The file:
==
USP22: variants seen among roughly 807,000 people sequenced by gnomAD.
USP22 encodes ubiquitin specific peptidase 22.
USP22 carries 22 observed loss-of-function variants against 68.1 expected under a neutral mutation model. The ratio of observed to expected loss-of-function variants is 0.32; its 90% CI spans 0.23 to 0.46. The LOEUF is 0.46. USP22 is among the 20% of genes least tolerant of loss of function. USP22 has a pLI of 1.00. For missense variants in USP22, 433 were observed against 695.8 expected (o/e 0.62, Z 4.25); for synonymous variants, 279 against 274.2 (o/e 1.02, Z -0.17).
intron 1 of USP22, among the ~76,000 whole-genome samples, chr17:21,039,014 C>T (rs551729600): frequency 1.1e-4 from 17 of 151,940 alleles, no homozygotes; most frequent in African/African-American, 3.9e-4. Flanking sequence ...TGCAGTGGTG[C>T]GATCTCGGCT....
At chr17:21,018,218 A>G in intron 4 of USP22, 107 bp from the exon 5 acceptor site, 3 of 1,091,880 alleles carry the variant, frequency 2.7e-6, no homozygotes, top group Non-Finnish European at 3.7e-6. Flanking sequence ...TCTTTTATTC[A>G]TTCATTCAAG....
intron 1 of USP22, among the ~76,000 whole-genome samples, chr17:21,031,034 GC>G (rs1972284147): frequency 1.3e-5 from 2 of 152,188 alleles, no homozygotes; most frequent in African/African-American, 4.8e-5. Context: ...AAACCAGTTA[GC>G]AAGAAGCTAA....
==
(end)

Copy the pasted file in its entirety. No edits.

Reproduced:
USP22: variants seen among roughly 807,000 people sequenced by gnomAD.
USP22 encodes ubiquitin specific peptidase 22.
USP22 carries 22 observed loss-of-function variants against 68.1 expected under a neutral mutation model. The ratio of observed to expected loss-of-function variants is 0.32; its 90% CI spans 0.23 to 0.46. The LOEUF is 0.46. USP22 is among the 20% of genes least tolerant of loss of function. USP22 has a pLI of 1.00. For missense variants in USP22, 433 were observed against 695.8 expected (o/e 0.62, Z 4.25); for synonymous variants, 279 against 274.2 (o/e 1.02, Z -0.17).
intron 1 of USP22, among the ~76,000 whole-genome samples, chr17:21,039,014 C>T (rs551729600): frequency 1.1e-4 from 17 of 151,940 alleles, no homozygotes; most frequent in African/African-American, 3.9e-4. Flanking sequence ...TGCAGTGGTG[C>T]GATCTCGGCT....
At chr17:21,018,218 A>G in intron 4 of USP22, 107 bp from the exon 5 acceptor site, 3 of 1,091,880 alleles carry the variant, frequency 2.7e-6, no homozygotes, top group Non-Finnish European at 3.7e-6. Flanking sequence ...TCTTTTATTC[A>G]TTCATTCAAG....
intron 1 of USP22, among the ~76,000 whole-genome samples, chr17:21,031,034 GC>G (rs1972284147): frequency 1.3e-5 from 2 of 152,188 alleles, no homozygotes; most frequent in African/African-American, 4.8e-5. Context: ...AAACCAGTTA[GC>G]AAGAAGCTAA....